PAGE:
Tuesday, October 2, 2012

Bycyklen is Dead. Long Live Bycyklen!

The City of Cyclists won't be modernizing its bike-sharing service any time soon due to a decision by the Copenhagen City Council. They recently voted not to fund a modernization of one of the earliest bike-sharing services, Bycyklen, which was born in 1995 and is still in operation. Rather than smart cards and solar stations, this service uses a coin deposit lock and the honor system which had worked reasonably well in its early years, but hasn't been maintained properly by its present operator -- AFA JCDecaux. 

According to The Copenhagen Post, Ayfer Baykal, Copenhagen's deputy mayor for technical and environmental affairs, "defended the city’s decision not to invest in the cycle sharing scheme this year.
“They’re junk, I agree with [the Danish Cyclist Federation] on that issue. The city bike scheme, as it exists today, needs to be updated. It is old and outdated. But right now we need to prioritize.”
Deputy Mayor Baykal continues, “The city bike scheme is primarily for people coming from outside the city because Copenhageners have their own bicycles. I have chosen to prioritize better cycling conditions in Copenhagen through improved bicycle lanes and bicycle parking instead of the bicycle sharing system.”

What better way to help tourists experience the city than the way Copenhageners do - by bike? If a Bycyklen or other bike-share bike isn't available to a tourist, he or she could just as easily use a taxi or rent a car. To the environment, it doesn't matter whether the pollution comes from a resident or a tourist, but rather that the pollution is created. Also, tourists are the most profitable user segment as they contribute more financially than residents do through day membership or per minute fees.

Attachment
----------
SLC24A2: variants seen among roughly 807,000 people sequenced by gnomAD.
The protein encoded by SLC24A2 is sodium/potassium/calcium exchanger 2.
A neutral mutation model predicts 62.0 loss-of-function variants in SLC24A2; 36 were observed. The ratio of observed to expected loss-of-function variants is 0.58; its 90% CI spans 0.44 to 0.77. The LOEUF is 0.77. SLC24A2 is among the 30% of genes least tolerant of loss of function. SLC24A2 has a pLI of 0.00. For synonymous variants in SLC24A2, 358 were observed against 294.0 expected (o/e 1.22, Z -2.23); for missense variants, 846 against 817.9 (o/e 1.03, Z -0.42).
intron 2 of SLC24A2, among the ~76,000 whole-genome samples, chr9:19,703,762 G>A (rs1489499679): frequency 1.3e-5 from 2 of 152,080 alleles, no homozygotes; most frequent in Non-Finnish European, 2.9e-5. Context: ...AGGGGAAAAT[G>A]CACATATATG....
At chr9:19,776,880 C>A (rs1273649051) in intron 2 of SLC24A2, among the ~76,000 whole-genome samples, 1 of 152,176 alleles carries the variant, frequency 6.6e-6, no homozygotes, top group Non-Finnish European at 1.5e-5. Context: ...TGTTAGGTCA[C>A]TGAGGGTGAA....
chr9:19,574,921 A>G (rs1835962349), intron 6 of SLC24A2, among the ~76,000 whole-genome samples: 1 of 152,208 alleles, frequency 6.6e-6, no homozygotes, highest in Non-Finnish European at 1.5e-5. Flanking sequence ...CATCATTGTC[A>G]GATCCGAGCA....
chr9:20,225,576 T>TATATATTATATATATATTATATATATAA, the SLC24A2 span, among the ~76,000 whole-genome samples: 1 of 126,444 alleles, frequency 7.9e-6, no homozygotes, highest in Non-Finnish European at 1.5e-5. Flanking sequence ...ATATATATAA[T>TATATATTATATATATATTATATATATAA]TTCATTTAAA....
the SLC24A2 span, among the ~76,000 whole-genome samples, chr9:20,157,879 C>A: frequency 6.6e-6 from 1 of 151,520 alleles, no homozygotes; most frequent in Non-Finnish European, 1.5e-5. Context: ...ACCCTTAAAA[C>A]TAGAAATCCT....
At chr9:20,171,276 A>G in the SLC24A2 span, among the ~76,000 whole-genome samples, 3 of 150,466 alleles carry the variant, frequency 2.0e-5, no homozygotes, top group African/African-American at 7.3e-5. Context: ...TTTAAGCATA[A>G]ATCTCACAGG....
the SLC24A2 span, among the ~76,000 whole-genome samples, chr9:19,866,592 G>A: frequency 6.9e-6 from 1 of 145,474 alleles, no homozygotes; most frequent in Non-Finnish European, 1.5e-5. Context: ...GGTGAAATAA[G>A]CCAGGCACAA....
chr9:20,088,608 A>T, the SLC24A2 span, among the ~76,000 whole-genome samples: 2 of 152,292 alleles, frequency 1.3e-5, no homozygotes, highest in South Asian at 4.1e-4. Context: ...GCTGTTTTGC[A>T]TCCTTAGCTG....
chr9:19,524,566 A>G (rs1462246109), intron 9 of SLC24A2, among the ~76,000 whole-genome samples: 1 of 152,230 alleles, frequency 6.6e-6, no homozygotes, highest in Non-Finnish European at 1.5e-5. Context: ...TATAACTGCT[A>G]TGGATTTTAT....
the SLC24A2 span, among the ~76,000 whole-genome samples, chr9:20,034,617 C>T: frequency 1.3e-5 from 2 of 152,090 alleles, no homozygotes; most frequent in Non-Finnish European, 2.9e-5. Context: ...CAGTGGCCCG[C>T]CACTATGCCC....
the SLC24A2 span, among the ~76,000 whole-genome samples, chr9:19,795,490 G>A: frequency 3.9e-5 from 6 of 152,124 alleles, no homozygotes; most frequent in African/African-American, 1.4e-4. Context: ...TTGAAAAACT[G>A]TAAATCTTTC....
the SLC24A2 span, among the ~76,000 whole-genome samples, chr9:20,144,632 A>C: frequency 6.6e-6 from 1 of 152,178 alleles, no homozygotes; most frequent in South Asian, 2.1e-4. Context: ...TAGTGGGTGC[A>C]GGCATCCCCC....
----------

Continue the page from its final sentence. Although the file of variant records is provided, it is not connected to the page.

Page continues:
While Copenhageners are bike-friendly, do they always bring their bike with them? I too live in a city with a growing bike mode share and frequently go by bike, but sometimes I just don't have my bike with me. The local bike-share service, Capital Bikeshare, frequently helps me get from point A to point B. I could otherwise take the train or drive.

The 150 million Danish kroner (26 million USD) will instead be used to make cycling improvements in the city, which is not a bad second place project, however, a piece of reality in how local governments are stretched thin for funding for many deserving projects. Additionally, the end of Bycyklen is near as the contract with AFA JCDecaux for the service expires October 31. Not sure what will happen after that with bike-sharing.

On a personal note, Bycyklen got me interested and excited about bike-sharing back in 1995 as I read about the new Bycyklen on-line and went to Copenhagen for a semester abroad to learn about bike-sharing and this quaint modern bike-friendly city which I, in turn, fell in love with. I was back last year in a professional capacity to work with the Cities of Copenhagen and Frederiksberg and DSB in developing the public tender for a new operator and vendor. Hopefully the Council will see the value of modernizing the bike-sharing service not only to regain a worldwide leadership in bike-sharing that it once had.

1 comment:

onourowntwowheels.com said...

Typical Danish ignorance on the value of bikesharing. Somehow I'm not surprised. Amazing that they still can't think outside of the existing frame that 'bikeshare is for tourists' despite the RFP a few years ago for a program that clearly called for a new system that would work for tourists, commuters and 'locals in a pinch'. Probably doesn't help that the Odense program isn't taking off.

Haven't they noticed that Holland, which bikes more than Denmark by the way, has one of the best bikeshare programs in the world that works ONLY for local commuters?

By the way, you often find those bycyklen bikes snagged by locals in Christiania and elsewhere outside of the official zone.

Americans have more cars per capita than anyone in the world. Guess what, we also have more carshare vehicles than anyone else too.